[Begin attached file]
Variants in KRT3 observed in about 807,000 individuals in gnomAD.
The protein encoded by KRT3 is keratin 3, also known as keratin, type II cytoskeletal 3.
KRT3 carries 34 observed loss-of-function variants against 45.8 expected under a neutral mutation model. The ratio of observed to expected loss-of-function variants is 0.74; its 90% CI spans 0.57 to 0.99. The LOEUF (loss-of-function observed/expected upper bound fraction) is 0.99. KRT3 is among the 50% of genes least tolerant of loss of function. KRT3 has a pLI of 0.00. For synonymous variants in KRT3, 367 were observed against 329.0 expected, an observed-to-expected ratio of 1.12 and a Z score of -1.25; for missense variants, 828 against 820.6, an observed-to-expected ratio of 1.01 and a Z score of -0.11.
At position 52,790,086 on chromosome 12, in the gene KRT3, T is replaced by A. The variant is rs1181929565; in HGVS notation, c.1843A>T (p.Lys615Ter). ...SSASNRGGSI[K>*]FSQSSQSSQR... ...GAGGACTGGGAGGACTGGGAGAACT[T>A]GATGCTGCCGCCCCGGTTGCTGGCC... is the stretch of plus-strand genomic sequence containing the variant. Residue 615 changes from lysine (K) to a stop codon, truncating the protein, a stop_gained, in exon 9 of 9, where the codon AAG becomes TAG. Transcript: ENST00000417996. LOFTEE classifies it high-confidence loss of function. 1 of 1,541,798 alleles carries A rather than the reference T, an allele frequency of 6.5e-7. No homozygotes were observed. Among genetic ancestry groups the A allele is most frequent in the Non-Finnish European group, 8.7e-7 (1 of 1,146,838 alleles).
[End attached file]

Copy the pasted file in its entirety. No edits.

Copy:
Variants in KRT3 observed in about 807,000 individuals in gnomAD.
The protein encoded by KRT3 is keratin 3, also known as keratin, type II cytoskeletal 3.
KRT3 carries 34 observed loss-of-function variants against 45.8 expected under a neutral mutation model. The ratio of observed to expected loss-of-function variants is 0.74; its 90% CI spans 0.57 to 0.99. The LOEUF (loss-of-function observed/expected upper bound fraction) is 0.99. KRT3 is among the 50% of genes least tolerant of loss of function. KRT3 has a pLI of 0.00. For synonymous variants in KRT3, 367 were observed against 329.0 expected, an observed-to-expected ratio of 1.12 and a Z score of -1.25; for missense variants, 828 against 820.6, an observed-to-expected ratio of 1.01 and a Z score of -0.11.
At position 52,790,086 on chromosome 12, in the gene KRT3, T is replaced by A. The variant is rs1181929565; in HGVS notation, c.1843A>T (p.Lys615Ter). ...SSASNRGGSI[K>*]FSQSSQSSQR... ...GAGGACTGGGAGGACTGGGAGAACT[T>A]GATGCTGCCGCCCCGGTTGCTGGCC... is the stretch of plus-strand genomic sequence containing the variant. Residue 615 changes from lysine (K) to a stop codon, truncating the protein, a stop_gained, in exon 9 of 9, where the codon AAG becomes TAG. Transcript: ENST00000417996. LOFTEE classifies it high-confidence loss of function. 1 of 1,541,798 alleles carries A rather than the reference T, an allele frequency of 6.5e-7. No homozygotes were observed. Among genetic ancestry groups the A allele is most frequent in the Non-Finnish European group, 8.7e-7 (1 of 1,146,838 alleles).